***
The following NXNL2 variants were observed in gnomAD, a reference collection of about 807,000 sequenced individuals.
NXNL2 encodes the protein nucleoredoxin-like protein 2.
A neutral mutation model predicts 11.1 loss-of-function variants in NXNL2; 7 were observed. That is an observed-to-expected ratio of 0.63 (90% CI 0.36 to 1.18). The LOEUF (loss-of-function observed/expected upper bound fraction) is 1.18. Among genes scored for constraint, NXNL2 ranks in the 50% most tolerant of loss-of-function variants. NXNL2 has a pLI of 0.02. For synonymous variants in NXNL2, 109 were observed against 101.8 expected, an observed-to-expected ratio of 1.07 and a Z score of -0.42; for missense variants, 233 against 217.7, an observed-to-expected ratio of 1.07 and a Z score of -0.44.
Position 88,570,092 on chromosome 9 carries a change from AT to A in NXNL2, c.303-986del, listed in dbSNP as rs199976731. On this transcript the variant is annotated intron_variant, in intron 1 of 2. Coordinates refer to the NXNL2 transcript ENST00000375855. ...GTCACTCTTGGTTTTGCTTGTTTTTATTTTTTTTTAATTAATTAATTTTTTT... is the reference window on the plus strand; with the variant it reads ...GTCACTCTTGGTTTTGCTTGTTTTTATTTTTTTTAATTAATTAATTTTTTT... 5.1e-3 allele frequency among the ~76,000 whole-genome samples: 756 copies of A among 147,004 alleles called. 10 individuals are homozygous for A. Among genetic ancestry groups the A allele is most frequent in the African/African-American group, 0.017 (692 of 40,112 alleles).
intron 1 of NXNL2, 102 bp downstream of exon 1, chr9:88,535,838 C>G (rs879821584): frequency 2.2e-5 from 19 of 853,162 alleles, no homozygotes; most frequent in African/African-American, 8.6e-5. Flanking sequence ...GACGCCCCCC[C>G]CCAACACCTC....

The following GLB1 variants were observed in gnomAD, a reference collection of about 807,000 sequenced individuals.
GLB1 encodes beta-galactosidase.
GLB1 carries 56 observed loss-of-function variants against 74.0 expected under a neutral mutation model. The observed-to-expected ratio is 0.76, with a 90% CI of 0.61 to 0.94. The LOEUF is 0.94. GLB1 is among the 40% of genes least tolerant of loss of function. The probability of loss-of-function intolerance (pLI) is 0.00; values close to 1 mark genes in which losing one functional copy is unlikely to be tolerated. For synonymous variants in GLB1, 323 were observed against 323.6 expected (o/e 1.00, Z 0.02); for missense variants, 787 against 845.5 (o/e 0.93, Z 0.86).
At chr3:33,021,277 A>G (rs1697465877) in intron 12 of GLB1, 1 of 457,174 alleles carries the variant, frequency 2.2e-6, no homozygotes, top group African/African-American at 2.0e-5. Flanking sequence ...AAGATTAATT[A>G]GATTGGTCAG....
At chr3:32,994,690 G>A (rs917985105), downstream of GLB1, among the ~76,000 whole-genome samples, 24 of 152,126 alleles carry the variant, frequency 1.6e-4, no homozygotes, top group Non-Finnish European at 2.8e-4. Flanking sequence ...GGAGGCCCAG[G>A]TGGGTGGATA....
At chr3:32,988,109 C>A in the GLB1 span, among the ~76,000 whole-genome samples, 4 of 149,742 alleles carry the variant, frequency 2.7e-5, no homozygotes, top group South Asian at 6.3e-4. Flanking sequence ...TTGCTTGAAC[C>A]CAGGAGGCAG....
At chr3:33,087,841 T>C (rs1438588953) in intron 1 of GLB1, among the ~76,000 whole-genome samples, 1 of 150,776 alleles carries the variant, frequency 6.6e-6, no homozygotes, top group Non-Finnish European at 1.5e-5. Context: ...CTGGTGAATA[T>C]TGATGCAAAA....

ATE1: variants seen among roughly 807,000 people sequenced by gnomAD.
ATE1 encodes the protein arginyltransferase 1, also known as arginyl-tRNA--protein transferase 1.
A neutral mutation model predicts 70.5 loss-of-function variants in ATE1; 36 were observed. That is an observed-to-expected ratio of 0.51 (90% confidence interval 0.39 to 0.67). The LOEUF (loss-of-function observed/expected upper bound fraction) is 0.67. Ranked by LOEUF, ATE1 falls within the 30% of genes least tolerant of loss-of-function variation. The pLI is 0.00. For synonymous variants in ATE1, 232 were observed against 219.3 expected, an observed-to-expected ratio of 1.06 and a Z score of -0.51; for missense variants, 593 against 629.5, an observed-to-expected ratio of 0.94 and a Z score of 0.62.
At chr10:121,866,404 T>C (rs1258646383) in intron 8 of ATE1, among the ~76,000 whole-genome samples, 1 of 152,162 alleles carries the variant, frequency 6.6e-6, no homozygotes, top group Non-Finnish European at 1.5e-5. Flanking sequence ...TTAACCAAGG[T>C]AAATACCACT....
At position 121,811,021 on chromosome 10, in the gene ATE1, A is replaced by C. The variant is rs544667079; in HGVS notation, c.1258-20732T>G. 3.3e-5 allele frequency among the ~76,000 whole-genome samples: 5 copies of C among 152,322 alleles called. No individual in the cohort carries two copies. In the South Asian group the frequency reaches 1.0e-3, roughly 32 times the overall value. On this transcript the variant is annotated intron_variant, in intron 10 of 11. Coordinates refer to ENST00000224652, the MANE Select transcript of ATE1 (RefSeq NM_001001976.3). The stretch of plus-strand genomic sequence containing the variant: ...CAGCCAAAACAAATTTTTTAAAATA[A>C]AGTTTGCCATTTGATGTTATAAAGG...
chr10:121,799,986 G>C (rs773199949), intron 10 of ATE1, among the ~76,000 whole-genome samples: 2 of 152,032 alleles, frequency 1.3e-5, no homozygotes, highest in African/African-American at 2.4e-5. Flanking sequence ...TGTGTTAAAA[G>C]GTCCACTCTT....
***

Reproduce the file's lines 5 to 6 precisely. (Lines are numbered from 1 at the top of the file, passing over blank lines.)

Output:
intron 1 of NXNL2, 102 bp downstream of exon 1, chr9:88,535,838 C>G (rs879821584): frequency 2.2e-5 from 19 of 853,162 alleles, no homozygotes; most frequent in African/African-American, 8.6e-5. Flanking sequence ...GACGCCCCCC[C>G]CCAACACCTC....

The following GLB1 variants were observed in gnomAD, a reference collection of about 807,000 sequenced individuals.